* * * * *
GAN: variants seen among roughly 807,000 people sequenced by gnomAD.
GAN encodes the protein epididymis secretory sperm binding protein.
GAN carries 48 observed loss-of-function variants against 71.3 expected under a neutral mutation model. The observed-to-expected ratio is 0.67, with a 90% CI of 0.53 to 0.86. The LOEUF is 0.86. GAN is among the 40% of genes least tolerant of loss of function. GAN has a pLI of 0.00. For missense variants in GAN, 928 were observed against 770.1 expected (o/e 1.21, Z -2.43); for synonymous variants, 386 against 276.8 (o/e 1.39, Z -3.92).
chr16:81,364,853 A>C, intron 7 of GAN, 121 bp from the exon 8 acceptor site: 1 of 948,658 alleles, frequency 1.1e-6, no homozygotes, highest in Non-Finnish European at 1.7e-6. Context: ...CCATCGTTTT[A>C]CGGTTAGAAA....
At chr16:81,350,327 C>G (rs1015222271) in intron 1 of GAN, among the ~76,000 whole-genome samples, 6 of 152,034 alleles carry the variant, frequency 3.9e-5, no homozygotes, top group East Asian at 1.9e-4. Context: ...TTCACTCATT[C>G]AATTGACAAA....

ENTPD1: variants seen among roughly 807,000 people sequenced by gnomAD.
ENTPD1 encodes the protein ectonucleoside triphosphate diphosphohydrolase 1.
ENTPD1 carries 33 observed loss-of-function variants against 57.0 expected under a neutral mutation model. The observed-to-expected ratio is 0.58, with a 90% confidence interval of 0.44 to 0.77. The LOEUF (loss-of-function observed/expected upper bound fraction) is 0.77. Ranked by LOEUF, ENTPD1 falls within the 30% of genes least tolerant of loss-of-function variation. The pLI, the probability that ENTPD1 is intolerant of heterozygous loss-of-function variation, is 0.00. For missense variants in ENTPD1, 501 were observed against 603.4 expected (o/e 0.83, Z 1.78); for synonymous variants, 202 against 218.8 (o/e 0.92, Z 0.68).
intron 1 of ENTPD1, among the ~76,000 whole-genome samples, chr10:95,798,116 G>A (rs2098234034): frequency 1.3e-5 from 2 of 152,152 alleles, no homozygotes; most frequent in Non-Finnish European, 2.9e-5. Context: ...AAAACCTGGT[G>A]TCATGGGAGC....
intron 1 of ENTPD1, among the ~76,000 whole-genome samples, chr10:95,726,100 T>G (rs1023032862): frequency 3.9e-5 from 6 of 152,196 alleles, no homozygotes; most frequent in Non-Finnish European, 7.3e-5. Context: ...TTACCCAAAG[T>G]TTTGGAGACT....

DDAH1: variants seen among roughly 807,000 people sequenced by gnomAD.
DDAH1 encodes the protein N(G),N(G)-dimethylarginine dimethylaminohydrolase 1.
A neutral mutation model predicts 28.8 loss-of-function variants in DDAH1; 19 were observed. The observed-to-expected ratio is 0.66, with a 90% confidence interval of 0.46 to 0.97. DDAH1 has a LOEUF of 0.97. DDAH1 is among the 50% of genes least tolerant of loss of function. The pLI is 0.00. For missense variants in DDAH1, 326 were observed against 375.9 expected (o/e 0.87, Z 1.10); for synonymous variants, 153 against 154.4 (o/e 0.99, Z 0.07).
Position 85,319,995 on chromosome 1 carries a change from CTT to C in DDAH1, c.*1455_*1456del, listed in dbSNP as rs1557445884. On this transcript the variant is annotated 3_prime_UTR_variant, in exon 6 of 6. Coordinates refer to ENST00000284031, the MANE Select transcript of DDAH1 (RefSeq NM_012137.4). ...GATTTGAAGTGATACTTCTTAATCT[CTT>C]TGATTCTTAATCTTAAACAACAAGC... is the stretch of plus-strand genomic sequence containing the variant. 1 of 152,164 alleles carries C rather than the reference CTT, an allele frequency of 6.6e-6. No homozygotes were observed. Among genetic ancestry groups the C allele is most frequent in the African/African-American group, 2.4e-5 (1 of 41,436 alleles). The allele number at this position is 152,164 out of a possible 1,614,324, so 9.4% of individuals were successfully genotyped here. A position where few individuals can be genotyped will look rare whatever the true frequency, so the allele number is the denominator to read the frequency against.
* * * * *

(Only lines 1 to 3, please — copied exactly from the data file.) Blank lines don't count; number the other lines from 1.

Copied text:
GAN: variants seen among roughly 807,000 people sequenced by gnomAD.
GAN encodes the protein epididymis secretory sperm binding protein.
GAN carries 48 observed loss-of-function variants against 71.3 expected under a neutral mutation model. The observed-to-expected ratio is 0.67, with a 90% CI of 0.53 to 0.86. The LOEUF is 0.86. GAN is among the 40% of genes least tolerant of loss of function. GAN has a pLI of 0.00. For missense variants in GAN, 928 were observed against 770.1 expected (o/e 1.21, Z -2.43); for synonymous variants, 386 against 276.8 (o/e 1.39, Z -3.92).